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How a Solid Technology Foundation is Helping Financial Services Firms Improve the Customer Experience

December 17, 2019

How financial services firms are transforming the banking experience with technology.

Digital transformation is enabling stronger connections between businesses and technology to move faster and be more responsive to the needs of their customers. In financial services, that means offering products and services that not only help customers meet their financial goals, but also enable organizations to provide richer interactions that go beyond the ordinary business/customer relationship.

The first phase of digital transformation laid the path through adoption of cloud, mobile, big data and social—which, combined, provided a platform for organizations to achieve greater operational efficiencies, better business insights and deeper customer engagements. The next phase involves technologies that promote data-driven intelligence for enhanced real-time decision-making, as well as those that enable or enhance automation to drive even more improved outcomes in financial services.

Creating a better customer experience is at the heart of a growing number of digital transformation projects. According to a report by research firm IDC, more than half (54%) of companies surveyed have recently completed a digital transformation initiative to meet the changing wants and needs of their customers.1 Most, if not all, the technologies included in such digital strategies rely heavily on data to enable deeper and better-quality customer engagements.

Smart financial services organizations understand that transformative technologies require a solid foundation that addresses performance, reliability and affordability, which will enable them to grow their business faster and more securely and position them to take advantage of future technology advancements that add to the customer experience.

Customer Experience from the Inside Out

The importance of customer experience cannot be understated. Beyond simply making the customer happy, a high-quality customer experience can build customer loyalty, increase revenues and more.

Savvy companies understand the importance of customer experience and are willing to pay for it—worldwide spending on customer experience technologies are expected to reach $508 billion in 2019, an almost 8% increase over 2018,2 according to another IDC report. Banking and discrete manufacturing tied as the industries spending the second highest amount on customer experience technologies, following retail, the report noted.

Clearly, the importance of customer experience is well-understood in the financial services sector. In fact, according to McKinsey & Co., three-quarters of the 50 largest global banks are working on some form of customer experience transformation.3 In addition, the company noted that “one bank that undertook a customer-experience transformation concluded that the lifetime profitability of a satisfied customer willing to actively recommend the bank to his or her friends was five to eight times greater than one who had a negative perception.”4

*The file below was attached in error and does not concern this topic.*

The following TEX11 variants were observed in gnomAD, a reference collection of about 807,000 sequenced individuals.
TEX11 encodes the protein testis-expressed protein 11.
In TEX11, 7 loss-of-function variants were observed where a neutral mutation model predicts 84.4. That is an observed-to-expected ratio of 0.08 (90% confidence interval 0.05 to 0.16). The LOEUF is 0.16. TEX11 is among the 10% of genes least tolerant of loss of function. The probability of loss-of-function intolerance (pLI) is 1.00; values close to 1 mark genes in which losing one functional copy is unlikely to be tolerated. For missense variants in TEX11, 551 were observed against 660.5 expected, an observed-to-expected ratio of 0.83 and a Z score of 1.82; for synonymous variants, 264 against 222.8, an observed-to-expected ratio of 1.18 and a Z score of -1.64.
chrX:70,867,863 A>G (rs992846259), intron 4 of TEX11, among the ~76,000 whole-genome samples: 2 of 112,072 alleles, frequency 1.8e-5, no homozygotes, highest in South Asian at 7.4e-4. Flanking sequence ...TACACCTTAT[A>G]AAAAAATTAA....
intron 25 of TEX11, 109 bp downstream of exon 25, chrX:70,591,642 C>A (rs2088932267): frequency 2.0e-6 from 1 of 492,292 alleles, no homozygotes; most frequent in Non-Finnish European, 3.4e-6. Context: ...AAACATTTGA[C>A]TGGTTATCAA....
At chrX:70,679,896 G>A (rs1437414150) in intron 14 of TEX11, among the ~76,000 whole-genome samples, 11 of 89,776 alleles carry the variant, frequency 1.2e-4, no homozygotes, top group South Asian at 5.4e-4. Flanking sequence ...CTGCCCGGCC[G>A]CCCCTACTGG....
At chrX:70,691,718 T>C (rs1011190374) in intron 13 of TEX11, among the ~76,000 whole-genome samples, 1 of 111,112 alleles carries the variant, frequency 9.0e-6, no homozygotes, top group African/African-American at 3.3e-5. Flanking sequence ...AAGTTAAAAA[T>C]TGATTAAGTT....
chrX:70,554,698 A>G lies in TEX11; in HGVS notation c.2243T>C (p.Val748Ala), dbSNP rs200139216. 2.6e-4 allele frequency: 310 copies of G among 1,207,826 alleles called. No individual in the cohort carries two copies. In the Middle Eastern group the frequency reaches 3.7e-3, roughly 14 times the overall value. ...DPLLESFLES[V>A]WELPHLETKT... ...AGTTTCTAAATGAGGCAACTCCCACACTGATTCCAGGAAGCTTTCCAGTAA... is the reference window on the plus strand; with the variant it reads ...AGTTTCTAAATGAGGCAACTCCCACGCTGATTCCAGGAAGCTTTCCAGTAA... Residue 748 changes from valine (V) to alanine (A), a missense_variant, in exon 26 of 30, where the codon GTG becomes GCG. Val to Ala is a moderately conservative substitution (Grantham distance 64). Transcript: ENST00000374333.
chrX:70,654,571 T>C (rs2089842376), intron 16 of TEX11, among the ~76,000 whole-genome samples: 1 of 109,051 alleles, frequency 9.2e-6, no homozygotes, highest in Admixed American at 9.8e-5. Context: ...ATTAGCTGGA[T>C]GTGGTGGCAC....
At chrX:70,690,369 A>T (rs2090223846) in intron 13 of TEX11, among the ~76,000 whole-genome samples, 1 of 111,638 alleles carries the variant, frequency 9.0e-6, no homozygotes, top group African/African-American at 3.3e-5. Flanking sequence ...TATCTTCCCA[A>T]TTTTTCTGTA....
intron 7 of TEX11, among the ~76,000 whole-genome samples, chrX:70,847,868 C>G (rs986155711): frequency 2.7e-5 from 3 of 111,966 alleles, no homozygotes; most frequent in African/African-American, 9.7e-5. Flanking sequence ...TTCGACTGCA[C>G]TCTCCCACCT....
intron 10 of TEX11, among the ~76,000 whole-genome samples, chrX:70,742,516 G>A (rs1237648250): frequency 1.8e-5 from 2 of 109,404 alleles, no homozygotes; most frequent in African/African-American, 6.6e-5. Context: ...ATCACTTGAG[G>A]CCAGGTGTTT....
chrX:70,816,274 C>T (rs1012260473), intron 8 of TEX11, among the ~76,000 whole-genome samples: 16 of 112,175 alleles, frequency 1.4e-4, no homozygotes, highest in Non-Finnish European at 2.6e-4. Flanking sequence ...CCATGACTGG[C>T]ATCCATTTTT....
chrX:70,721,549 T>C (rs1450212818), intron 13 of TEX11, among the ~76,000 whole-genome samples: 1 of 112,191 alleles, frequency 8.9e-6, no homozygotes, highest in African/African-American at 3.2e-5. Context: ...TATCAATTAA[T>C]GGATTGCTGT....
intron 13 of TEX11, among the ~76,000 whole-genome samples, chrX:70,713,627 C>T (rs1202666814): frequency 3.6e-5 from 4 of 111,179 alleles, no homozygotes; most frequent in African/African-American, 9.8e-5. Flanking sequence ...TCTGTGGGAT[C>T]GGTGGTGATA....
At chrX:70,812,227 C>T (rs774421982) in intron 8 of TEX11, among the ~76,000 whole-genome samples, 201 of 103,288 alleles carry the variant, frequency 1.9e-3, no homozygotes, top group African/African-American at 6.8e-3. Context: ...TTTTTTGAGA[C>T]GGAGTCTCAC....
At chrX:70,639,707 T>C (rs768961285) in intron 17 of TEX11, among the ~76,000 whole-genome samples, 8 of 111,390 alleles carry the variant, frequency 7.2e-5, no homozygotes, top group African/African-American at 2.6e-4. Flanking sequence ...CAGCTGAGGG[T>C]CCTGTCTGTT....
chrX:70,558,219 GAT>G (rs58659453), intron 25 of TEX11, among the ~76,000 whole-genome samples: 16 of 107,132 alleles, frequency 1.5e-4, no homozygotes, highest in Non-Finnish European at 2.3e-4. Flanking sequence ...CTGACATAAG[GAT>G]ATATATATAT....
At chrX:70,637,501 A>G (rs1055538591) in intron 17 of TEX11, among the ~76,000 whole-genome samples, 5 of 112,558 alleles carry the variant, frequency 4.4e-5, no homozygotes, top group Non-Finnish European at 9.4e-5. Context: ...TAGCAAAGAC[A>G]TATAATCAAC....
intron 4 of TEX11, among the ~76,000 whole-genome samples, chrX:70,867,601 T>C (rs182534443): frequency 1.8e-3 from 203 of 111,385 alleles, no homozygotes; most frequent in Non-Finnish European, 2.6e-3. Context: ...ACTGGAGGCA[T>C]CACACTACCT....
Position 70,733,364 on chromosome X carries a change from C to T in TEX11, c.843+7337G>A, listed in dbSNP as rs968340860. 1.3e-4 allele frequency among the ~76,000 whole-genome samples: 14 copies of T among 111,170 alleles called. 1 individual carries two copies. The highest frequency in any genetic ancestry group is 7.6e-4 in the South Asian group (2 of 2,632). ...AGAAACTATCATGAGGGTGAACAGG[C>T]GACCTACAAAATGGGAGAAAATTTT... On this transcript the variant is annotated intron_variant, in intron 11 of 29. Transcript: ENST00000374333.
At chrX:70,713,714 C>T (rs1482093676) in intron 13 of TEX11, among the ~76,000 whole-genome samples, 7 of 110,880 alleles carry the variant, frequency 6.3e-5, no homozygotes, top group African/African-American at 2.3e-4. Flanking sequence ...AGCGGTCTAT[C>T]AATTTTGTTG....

Customer experience in the financial services sector can mean anything from employing bots available anytime to answer customer questions and provide basic information to providing biometric login so users don’t have to remember passwords. For employees, it can mean automating time-consuming tasks that take them away from focusing on more value-added, customer-centric activities, or integrating systems to provide a single view of a customer’s entire financial portfolio— including accounts, loans and even past inquiries— to suggest relevant services or provide better, more personalized service.

Here are some ways customer experience can help in the financial services sector:

Build customer loyalty: From streamlining the onboarding process to resolving disputes quickly, organizations that recognize the value of the end- to-end customer experience, both online and in-person, will gain a more loyal customer base. In fact, according to Qualtrics research, about 70% of banking is done digitally, yet three-quarters of dissatisfied customers said their desire to switch banks is due to “expectation failures” occurring in-person at the bank.5 Technologies such as AI-enabled customer relationship management platforms that can provide a seamless customer experience that spans both online and in-person and deliver data in real-time to assist in problem resolution are critical in building and retaining customer loyalty.